Tricky C++: Making Things Constant

Programming
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C++ is a confusing language that is difficult to write and in some ways even more difficult to read, especially if a developer doesn’t follow good programming practices. One way of writing better C++ code is to make use of the const keyword. Const enforces the policy of un-modifiability and can be used in conjunction with both variables and class methods.

Const Variables

A constant variable is a variable that cannot be altered, and must be initialised when declared because it cannot be changed later on! The following is an example of a const variable.
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​The syntax for a constant variable is similar to that of any other variable, bar the introduction of the const keyword that is added before defining the type of the variable.
Note: A constant reference acts like a const variable except the address stored in a reference points to data that cannot be modified as opposed to storing the unmodified data itself.

Const Pointers 

Any type in C++ can be defined as const, including pointers. In the case of a pointer the position of the const keyword has a different meaning. The code below shows different ways in which const is applied to a pointer.
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The above example shows the three different ways in which const can be applied. Applying const anywhere before the ‘*’ states the data located at the memory address stored by the pointer must be constant. In this case the pointer has to point to data that is defined as constant.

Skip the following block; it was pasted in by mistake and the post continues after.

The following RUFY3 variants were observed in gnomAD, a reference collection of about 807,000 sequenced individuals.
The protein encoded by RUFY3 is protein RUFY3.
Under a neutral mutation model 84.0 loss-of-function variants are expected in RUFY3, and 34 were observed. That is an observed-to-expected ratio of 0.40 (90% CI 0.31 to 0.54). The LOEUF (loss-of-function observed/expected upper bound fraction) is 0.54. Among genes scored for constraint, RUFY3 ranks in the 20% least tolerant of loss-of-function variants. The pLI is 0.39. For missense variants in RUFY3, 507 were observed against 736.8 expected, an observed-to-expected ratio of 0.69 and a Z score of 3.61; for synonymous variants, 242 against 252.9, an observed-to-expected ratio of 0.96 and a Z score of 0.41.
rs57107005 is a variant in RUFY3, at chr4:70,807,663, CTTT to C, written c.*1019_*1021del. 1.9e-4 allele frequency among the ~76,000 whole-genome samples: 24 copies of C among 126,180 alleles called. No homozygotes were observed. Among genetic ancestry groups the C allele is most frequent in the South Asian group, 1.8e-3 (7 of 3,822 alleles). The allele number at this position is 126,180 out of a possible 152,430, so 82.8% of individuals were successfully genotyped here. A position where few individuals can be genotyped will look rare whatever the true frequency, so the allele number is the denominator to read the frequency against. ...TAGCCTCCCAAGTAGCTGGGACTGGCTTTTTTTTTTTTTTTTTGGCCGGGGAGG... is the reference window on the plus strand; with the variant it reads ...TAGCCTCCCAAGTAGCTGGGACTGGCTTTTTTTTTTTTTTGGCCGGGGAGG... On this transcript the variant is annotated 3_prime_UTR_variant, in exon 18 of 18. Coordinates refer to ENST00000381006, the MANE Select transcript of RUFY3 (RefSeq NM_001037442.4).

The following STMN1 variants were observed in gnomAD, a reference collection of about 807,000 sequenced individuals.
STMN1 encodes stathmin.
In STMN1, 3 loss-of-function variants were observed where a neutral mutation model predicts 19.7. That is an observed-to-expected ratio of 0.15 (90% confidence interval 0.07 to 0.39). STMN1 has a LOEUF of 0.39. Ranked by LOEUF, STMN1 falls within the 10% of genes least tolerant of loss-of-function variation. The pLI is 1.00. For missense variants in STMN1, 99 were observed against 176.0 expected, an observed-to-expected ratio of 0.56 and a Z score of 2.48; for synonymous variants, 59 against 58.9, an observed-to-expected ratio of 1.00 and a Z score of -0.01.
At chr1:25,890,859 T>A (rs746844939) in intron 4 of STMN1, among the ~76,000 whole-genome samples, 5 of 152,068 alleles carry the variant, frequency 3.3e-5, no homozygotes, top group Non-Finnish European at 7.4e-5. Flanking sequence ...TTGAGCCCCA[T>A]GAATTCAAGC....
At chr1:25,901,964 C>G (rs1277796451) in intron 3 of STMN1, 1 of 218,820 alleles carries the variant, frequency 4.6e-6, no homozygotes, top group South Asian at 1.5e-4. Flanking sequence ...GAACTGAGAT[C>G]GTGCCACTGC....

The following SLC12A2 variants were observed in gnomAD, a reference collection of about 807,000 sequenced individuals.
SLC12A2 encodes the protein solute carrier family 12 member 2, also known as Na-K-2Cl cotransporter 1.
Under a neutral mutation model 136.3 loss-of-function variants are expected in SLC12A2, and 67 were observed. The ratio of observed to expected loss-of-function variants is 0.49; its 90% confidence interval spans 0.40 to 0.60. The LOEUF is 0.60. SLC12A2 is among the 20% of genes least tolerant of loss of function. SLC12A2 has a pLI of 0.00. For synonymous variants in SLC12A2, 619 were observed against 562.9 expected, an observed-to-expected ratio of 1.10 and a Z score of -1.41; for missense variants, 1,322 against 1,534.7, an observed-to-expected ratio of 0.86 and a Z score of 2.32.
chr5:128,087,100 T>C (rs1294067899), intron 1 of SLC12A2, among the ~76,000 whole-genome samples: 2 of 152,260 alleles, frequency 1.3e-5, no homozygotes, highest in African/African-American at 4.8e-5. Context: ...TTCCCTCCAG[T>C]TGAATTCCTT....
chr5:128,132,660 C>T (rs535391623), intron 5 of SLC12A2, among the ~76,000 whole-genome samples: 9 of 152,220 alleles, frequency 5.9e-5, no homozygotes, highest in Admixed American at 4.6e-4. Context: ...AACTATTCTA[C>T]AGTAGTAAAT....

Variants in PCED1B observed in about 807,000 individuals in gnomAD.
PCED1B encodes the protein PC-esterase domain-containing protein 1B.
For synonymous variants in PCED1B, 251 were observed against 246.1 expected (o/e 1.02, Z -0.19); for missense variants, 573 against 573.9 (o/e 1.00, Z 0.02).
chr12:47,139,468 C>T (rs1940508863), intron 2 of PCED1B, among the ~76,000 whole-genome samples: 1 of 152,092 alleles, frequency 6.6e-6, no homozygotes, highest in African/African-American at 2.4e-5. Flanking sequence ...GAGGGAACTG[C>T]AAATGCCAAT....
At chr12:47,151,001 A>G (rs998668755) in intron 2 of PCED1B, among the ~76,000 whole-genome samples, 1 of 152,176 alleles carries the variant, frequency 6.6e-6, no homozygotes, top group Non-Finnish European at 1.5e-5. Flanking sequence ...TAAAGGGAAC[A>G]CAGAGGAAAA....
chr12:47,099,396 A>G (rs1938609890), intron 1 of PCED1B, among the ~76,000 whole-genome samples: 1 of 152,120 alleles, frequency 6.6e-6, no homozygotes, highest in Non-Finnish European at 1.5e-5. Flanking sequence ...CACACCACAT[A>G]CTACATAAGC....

Applying const after the ‘*’ states that the pointer itself is const, i.e. the address stored in the pointer cannot be altered, which also means the pointer must be initialised when declared.

Note: A pointer with a constant address can be compared to a reference, as a reference cannot alter the address it stores after it has been initialised.

Const to non -const 

There is one final issue with regards to const that needs to be addressed, regarding the assignment of a const variable to a non const variable. A variable that is constant cannot be assigned to variable that isn’t defined as constant if the assignment copies the address of the value, and not the data itself.

Assigning data from one variable to another involves copying the data, and storing it in a new memory location. Because of this when the new variable modifies the data it is modifying its own copy and not the original data defined as constant, so the original data remains unchanged. Whereas passing the address of constant data to a variable that isn’t defined as constant would give that variable permission to modify the data, which was defined as unmodifiable. This would defeat the purpose of defining the original variable as constant.

Const Methods

Additional to variable constness, const can be applied at the end of a class method and will enforce that the object will not be altered in this function, i.e. the data members of the object cannot be changed.  There are few rules regarding the use of const:

  1. Const methods can be called by non const objects because defining a method as const simply states that member data won’t be changed. The object calling the data may still want to change its members in a different method.
  2. Defining an instance of an object as const, and therefore unmodifiable, means that only const methods can be called by that object. Again if the object is defined as constant then calling non constant methods doesn’t make sense as these methods have the ability to alter the data of the object.
  3. A constant function can only return a constant value.


Note:  const is included in a function signature which means two methods can be produced, one const, and one not dependent on the object calling the method.